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Popular folding knife locking mechanisms include:

Slip-Joint - Found most commonly on traditional pocket knives, the opened blade does not actually lock in a solid position but is held in place by a spring device that allows the blade to fold if a certain amount of pressure is applied.

Lockback - A "Lockback" is a type of folding knife that locks open. Locking folders provide much of the confidence of a fixed-blade while open, yet enable you to fold the blade for safety and carrying convenience. A Lockback gets its name from a rocking lock plate visible on the back of the handle. Opening the blade causes the "rocker" to lock against the blade so it locks open. Pushing down on the rocker at the back of the handle releases it and enables you to close the blade. Lockbacks require two- hand closing, though some are one-hand openers.

Liner Lock - The “Liner Lock” is one of the most common today on knives, especially so-called "tactical" folders. Its main advantage is that it allows one to disengage the lock with one hand. It con sists of a liner bent so that when the blade opens, the liner presses against the rear of the tang, prevent ing it from swinging back. To disengage, you press the liner to the side of the knife from where it is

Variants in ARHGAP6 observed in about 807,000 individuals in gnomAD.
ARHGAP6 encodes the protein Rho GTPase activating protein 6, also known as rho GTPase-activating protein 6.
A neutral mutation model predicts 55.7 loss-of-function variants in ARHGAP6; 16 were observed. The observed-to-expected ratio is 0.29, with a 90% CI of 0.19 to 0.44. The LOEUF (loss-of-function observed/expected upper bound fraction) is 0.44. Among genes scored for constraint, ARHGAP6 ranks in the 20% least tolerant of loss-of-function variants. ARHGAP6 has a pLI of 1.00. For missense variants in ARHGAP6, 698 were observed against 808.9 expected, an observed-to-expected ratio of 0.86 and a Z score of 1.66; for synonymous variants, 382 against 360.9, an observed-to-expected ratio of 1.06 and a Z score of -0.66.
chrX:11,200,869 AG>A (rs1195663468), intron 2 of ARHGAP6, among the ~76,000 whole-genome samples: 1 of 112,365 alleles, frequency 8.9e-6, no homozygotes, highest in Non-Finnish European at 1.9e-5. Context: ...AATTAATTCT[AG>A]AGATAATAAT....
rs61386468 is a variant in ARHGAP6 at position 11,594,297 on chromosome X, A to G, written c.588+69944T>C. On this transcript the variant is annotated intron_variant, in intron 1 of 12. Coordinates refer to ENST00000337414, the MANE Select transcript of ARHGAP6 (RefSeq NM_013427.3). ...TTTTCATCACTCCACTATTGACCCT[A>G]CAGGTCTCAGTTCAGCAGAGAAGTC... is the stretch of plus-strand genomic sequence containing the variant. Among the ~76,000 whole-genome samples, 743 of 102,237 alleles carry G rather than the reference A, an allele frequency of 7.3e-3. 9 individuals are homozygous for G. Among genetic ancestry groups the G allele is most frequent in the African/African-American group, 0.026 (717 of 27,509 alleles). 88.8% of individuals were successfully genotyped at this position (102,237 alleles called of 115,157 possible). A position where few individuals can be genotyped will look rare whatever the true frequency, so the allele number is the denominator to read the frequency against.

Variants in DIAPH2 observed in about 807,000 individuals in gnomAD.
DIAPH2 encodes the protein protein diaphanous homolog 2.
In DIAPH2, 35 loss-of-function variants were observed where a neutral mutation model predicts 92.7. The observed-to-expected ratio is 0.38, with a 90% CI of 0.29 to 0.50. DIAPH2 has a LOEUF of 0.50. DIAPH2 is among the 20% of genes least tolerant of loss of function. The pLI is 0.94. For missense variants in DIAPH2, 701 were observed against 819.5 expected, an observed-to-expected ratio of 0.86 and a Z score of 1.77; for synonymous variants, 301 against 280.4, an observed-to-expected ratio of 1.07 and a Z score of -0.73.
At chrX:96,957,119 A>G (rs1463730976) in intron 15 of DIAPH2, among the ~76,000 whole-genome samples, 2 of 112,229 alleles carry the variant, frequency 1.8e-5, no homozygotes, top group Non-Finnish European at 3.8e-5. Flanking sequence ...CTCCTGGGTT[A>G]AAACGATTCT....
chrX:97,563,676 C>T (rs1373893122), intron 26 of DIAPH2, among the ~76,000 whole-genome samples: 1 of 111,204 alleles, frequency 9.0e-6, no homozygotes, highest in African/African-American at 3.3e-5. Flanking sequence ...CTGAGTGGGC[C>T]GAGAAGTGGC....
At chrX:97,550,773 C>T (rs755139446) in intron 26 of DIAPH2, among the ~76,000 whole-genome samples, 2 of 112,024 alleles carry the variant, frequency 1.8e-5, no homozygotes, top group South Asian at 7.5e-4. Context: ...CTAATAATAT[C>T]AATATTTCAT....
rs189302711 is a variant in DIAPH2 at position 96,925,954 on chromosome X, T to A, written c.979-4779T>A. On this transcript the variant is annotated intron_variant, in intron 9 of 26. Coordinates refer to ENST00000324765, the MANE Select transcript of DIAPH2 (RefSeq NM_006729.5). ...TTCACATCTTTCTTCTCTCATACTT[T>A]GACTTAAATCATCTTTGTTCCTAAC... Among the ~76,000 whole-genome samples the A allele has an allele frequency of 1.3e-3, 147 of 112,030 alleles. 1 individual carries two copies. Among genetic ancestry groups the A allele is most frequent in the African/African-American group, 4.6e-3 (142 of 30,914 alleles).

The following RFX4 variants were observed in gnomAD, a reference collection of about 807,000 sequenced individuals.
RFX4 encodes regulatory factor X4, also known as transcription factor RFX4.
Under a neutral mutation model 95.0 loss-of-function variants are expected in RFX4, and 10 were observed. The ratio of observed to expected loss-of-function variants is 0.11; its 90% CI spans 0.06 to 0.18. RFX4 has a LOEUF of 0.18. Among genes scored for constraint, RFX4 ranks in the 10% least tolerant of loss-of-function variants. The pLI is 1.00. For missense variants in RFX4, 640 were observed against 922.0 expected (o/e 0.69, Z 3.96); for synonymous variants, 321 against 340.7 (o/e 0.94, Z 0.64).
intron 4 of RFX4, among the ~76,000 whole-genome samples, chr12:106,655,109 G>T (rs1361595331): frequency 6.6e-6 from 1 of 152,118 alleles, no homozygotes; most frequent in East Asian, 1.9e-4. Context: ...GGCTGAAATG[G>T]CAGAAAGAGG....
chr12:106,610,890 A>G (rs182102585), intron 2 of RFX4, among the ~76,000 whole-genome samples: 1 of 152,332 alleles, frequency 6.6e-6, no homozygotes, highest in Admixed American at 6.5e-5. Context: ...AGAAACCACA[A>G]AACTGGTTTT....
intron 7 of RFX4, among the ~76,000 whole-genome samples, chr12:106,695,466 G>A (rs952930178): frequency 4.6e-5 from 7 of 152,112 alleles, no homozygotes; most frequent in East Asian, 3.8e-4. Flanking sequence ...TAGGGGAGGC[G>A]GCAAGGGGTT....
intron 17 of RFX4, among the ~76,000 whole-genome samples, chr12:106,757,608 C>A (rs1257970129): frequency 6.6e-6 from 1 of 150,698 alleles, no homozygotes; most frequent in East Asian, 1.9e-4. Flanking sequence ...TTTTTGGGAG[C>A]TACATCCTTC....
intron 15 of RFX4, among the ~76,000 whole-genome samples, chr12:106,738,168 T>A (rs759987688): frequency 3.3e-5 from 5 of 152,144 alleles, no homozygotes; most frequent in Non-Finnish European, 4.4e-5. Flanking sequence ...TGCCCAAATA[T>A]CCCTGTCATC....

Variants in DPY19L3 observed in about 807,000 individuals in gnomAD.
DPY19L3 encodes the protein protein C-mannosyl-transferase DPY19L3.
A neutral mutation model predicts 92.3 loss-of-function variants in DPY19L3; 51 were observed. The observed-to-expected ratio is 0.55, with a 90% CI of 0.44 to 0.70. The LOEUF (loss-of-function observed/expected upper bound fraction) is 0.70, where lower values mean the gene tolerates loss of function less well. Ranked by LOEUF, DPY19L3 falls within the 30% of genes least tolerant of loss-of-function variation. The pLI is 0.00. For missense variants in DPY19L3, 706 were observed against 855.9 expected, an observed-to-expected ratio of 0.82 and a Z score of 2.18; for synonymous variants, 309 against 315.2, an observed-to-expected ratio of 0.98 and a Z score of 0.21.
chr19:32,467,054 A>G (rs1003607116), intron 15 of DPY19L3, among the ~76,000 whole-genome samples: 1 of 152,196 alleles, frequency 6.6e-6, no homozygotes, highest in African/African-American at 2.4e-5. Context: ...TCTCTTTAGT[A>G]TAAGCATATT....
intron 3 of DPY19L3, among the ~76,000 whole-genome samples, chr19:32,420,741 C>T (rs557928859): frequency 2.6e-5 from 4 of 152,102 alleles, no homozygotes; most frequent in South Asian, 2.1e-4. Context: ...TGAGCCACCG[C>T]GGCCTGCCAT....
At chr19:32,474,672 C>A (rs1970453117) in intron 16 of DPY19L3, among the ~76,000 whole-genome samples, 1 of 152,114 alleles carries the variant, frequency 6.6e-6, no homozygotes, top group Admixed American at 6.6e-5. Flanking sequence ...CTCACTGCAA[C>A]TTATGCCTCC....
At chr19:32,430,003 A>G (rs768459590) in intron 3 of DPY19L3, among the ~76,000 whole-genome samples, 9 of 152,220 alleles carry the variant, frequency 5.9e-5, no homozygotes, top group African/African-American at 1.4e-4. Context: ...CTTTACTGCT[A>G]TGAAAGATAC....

attached to the inside of the scales.

Frame Lock - A "Frame Lock" operates like a liner lock, only the lock is a tensioned part of the handle frame with an open channel. When the blade opens, the frame lock moves into the handle opening and locks against the blade. Pushing to the left releases it from its "locked" position so you can close the blade.

Choosing what lock type is best will be determined by your preference, as well as the type of work you plan to do. For example, if you want to be able to operate the knife with one hand, you will probably not want a Slip-Joint or Lockback. A Liner Lock or Frame Lock will be the better choice.